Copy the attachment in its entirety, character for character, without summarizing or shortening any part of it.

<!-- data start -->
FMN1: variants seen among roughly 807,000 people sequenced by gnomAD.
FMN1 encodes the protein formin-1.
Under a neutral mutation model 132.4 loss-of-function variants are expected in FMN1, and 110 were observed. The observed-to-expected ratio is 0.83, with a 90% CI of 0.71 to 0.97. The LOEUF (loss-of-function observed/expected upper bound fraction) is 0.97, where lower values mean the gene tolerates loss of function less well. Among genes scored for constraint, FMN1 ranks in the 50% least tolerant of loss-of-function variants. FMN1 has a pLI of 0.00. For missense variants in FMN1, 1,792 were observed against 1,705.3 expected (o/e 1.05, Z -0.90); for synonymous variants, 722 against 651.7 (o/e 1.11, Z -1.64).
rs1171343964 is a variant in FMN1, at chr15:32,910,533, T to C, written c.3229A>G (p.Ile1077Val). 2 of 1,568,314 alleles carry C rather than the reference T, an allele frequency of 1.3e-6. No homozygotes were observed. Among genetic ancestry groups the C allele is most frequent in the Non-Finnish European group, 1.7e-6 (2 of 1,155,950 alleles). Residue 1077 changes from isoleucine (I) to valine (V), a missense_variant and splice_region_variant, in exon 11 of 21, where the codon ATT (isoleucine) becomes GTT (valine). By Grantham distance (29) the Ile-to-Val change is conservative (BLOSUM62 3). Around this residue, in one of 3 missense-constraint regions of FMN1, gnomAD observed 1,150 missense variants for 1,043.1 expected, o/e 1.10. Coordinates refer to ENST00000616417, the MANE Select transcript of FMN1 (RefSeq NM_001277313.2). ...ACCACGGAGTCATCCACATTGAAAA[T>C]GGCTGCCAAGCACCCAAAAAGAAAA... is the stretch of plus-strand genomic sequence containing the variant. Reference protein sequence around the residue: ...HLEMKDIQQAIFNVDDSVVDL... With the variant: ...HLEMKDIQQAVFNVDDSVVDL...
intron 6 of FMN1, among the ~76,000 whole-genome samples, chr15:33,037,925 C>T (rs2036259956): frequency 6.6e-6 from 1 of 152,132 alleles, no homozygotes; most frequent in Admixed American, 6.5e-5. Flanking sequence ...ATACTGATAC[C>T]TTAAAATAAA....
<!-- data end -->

FMN1: variants seen among roughly 807,000 people sequenced by gnomAD.
FMN1 encodes the protein formin-1.
Under a neutral mutation model 132.4 loss-of-function variants are expected in FMN1, and 110 were observed. The observed-to-expected ratio is 0.83, with a 90% CI of 0.71 to 0.97. The LOEUF (loss-of-function observed/expected upper bound fraction) is 0.97, where lower values mean the gene tolerates loss of function less well. Among genes scored for constraint, FMN1 ranks in the 50% least tolerant of loss-of-function variants. FMN1 has a pLI of 0.00. For missense variants in FMN1, 1,792 were observed against 1,705.3 expected (o/e 1.05, Z -0.90); for synonymous variants, 722 against 651.7 (o/e 1.11, Z -1.64).
rs1171343964 is a variant in FMN1, at chr15:32,910,533, T to C, written c.3229A>G (p.Ile1077Val). 2 of 1,568,314 alleles carry C rather than the reference T, an allele frequency of 1.3e-6. No homozygotes were observed. Among genetic ancestry groups the C allele is most frequent in the Non-Finnish European group, 1.7e-6 (2 of 1,155,950 alleles). Residue 1077 changes from isoleucine (I) to valine (V), a missense_variant and splice_region_variant, in exon 11 of 21, where the codon ATT (isoleucine) becomes GTT (valine). By Grantham distance (29) the Ile-to-Val change is conservative (BLOSUM62 3). Around this residue, in one of 3 missense-constraint regions of FMN1, gnomAD observed 1,150 missense variants for 1,043.1 expected, o/e 1.10. Coordinates refer to ENST00000616417, the MANE Select transcript of FMN1 (RefSeq NM_001277313.2). ...ACCACGGAGTCATCCACATTGAAAA[T>C]GGCTGCCAAGCACCCAAAAAGAAAA... is the stretch of plus-strand genomic sequence containing the variant. Reference protein sequence around the residue: ...HLEMKDIQQAIFNVDDSVVDL... With the variant: ...HLEMKDIQQAVFNVDDSVVDL...
intron 6 of FMN1, among the ~76,000 whole-genome samples, chr15:33,037,925 C>T (rs2036259956): frequency 6.6e-6 from 1 of 152,132 alleles, no homozygotes; most frequent in Admixed American, 6.5e-5. Flanking sequence ...ATACTGATAC[C>T]TTAAAATAAA....